About Me

Hi! I'm Conlan and I'm an iOS / Unity developer residing in the bay area.

I have 10 years of mobile and 4 years of Unity development experience, having started in 2007 with J2ME, Windows Mobile, and RIM Blackberry before transitioning into full-time iOS development in 2009.

I love everything related to video / board games, virtual reality, robotics, space, puzzles, and gadgetry.

Here are some notable projects, both private and public, that I've worked on over the past few years. If you have any questions then ask away! I'd love to discuss them in more detail anytime.

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Reiner Knizia's The Confrontation (2015)

This is a digital board game adaptation that's been developed under my company, Offworld Games, LLC. It's developed with Unity3D and C# and we recently funded a Kickstarter to introduce the game and expand it with 18 additional characters.

Reiner Knizia is a renowned board game designer responsible for hundreds of games and countless awards. We've had the privilege of working with him on several digital adaptations. The game is now available on Steam and the iPad App Store.

Shopsavvy (2012 - 2015)

For three and half years I've worked at ShopSavvy Inc. as a senior iOS developer. ShopSavvy is a barcode scanning app that lets you look up product details, perform price comparison, and discover related products that you might be interested in buying.

The app was iPhone-only when I first joined and one of my first tasks was to help update it to include universal iPad support. I also developed social features like profiles, lists, and product reviews.

Working here was a lot of fun and I met some great people along the way.


I also developed the SavvyHaul iOS client, an experimental app aimed at allowing shopping haulers to record mini-clips around specific products.

Passive (2014)

This was quick app that I wrote over the course of a couple weeks using Objective-c. 

I had an unused iPad on my desk and wanted to put it to use displaying current events and news articles. Passive does that by turning your device into an RSS feed ticker. My goal was to make it minimal and uber simple to use and I think I achieved that.

World at War (2014)

Another digital prototype for World at War: Eisenbach Gap. The first scenario was completely playable and we believe it introduced some really cool concepts for adapting a tabletop wargame.

World of Reddit (2013)

This was a project I did shortly after getting my Oculus Rift DK1 in 2013 using Unity3D. For this first version I tried to imagine what Reddit would look like if you used a VR headset to browse the web.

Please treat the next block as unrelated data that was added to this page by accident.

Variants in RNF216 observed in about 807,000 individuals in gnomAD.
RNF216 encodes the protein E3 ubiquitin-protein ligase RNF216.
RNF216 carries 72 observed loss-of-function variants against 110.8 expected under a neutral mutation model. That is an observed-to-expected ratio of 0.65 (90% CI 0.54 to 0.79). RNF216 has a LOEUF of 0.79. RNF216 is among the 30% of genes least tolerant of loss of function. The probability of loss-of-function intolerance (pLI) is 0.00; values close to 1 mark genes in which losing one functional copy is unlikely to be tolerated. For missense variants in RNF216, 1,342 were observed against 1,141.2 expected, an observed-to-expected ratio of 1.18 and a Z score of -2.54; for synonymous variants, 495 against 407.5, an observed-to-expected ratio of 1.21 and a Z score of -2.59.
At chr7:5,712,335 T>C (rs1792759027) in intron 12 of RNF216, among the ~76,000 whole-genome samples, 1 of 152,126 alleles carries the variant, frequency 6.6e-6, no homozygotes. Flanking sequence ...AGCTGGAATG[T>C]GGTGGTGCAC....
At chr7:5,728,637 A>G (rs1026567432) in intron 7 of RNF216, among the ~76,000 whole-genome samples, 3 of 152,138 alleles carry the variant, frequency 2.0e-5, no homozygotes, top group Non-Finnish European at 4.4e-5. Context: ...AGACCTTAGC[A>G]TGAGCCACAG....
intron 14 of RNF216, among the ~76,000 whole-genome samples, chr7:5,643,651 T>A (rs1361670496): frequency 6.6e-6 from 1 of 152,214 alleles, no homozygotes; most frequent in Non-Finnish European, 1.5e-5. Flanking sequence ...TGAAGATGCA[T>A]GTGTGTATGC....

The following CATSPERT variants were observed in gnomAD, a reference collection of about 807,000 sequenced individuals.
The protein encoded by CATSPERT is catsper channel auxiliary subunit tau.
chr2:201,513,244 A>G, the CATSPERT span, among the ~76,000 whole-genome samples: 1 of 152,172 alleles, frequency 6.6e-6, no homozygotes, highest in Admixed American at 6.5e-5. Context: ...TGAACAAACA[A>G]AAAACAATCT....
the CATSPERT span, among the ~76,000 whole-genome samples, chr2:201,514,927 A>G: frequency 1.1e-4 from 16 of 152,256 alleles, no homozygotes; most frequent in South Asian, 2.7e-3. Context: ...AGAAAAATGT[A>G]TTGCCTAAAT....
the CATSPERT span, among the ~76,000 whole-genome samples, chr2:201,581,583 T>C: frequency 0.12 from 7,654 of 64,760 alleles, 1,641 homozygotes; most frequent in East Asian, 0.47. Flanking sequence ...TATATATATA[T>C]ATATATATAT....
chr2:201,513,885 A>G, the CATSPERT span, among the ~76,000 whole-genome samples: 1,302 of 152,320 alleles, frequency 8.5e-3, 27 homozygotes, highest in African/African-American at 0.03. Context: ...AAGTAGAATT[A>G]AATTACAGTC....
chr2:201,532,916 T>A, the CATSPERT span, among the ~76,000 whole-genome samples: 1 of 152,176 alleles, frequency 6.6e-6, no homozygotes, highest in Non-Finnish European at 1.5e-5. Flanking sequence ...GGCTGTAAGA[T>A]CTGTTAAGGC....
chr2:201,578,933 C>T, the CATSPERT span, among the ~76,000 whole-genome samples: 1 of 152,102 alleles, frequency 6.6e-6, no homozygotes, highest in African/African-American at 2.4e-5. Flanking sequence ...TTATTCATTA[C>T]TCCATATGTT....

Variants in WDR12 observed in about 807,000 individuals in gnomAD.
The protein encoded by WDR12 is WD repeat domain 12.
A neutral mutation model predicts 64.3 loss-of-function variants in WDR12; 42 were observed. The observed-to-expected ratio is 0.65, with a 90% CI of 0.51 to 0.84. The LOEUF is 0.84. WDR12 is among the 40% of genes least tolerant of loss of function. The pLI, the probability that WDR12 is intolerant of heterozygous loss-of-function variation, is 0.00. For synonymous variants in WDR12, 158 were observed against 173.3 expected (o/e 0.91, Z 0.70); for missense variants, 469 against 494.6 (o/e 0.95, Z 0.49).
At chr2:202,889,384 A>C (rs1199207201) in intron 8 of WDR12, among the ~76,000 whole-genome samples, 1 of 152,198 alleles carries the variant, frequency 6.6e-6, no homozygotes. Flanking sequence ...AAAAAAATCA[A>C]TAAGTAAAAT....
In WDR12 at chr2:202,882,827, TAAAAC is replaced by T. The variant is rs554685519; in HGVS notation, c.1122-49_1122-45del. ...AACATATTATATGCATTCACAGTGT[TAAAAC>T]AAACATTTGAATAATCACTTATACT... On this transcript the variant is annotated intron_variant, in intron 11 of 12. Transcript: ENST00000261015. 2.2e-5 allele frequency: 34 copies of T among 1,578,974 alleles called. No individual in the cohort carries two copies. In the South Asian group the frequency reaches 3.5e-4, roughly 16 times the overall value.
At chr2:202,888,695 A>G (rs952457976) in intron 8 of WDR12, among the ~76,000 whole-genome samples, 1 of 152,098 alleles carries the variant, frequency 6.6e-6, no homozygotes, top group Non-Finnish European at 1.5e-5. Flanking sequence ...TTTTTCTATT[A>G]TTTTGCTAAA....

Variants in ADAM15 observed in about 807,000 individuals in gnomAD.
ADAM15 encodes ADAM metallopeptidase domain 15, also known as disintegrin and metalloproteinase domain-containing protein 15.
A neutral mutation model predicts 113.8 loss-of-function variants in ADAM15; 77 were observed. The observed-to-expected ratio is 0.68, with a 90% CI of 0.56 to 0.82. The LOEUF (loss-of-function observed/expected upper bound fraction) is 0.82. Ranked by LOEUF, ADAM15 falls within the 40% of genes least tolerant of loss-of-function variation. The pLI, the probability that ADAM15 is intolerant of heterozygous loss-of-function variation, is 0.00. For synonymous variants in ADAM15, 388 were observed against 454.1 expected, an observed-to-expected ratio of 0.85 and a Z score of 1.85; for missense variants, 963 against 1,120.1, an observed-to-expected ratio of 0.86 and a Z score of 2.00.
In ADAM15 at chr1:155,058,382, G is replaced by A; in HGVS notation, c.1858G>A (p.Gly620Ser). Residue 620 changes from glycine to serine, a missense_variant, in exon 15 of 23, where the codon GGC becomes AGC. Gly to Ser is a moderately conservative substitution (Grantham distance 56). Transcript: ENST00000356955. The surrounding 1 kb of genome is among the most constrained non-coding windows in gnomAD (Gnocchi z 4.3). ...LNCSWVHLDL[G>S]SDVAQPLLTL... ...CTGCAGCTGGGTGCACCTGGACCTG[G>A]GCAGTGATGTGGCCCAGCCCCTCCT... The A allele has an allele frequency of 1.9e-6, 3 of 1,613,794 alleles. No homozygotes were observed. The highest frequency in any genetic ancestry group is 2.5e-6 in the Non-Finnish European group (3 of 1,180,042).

In the clip above you can see me flying around upvoting and downvoting posts while audio clips loop depending on what subreddit you're currently in. I eventually added Razer Hydra support and you can check out the thread on the Oculus forums here.

I really love the idea of exploring the web in virtual reality and can't wait to see how it eventually manifests on a mainstream level. The future can't come soon enough!

Tipover (2013)

This was a digital puzzle adaptation prototype that I built and submitted to ThinkFun in 2013 using Unity3D and Javascript.

The physical game is a classic and remains one of my favorite puzzles to date. Solutions take a lot of experimentation and I really think the lengthy physical setup process is what held it back from attaining a "Rush Hour" level of success. This was one of my first Unity3D projects and I've since moved on to using C# instead.

Legion of the Damned (2012)

In 2012 we worked with best-selling author, William C. Dietz, on adapting his combat science-fiction series to a turn-based iOS strategy game. This was developed using Cocos2D and Objective-c and featured online asynchronous multiplayer using Urban Airship for push notifications.

Because the game focused heavily on also telling the story from the first book, we brought in the talent of artist Alex Iglesias and over 10 voice actors to bring it to life via graphic novel style cutscenes.

Reiner Knizia's Samurai (2010)

Working again with one of my favorite board game designers, Samurai was released in 2010 and was one of the earlier titles in the app store to allow asynchronous multiplayer with push notifications.

It was featured multiple times in the app store's What's Hot and New & Noteworthy categories and then again in the iPad app store when universal support was added.

Positive reviews for Samurai can be found across the web and include sites like Engadget, Business Insider, EuroGamer, and was even included in the "Must List, What's Hot for the Week" in Entertainment Weekly.

Wriggle (2009)

For this game I worked with puzzle designers, Andrea Gilbert and Tom Jolly, and developed it using Cocos2D and Objective-c. Andrea was the designer of River Crossing, another ThinkFun title that I must've played hundreds of times in the past.

Wriggle did pretty well in the app store and was featured in both New & Noteworthy and What's Hot, as well as an Honorable Mention for the 2009 "Best App for Primary School Kids" at 148apps.com's Best App Ever Awards.

Reiner Knizia's Robot Master (2009)

This was one of my earliest iOS puzzle games and developed using Objective-c. It was featured in the app store's What's Hot category and scored a 5 out of 5 mice at Macworld.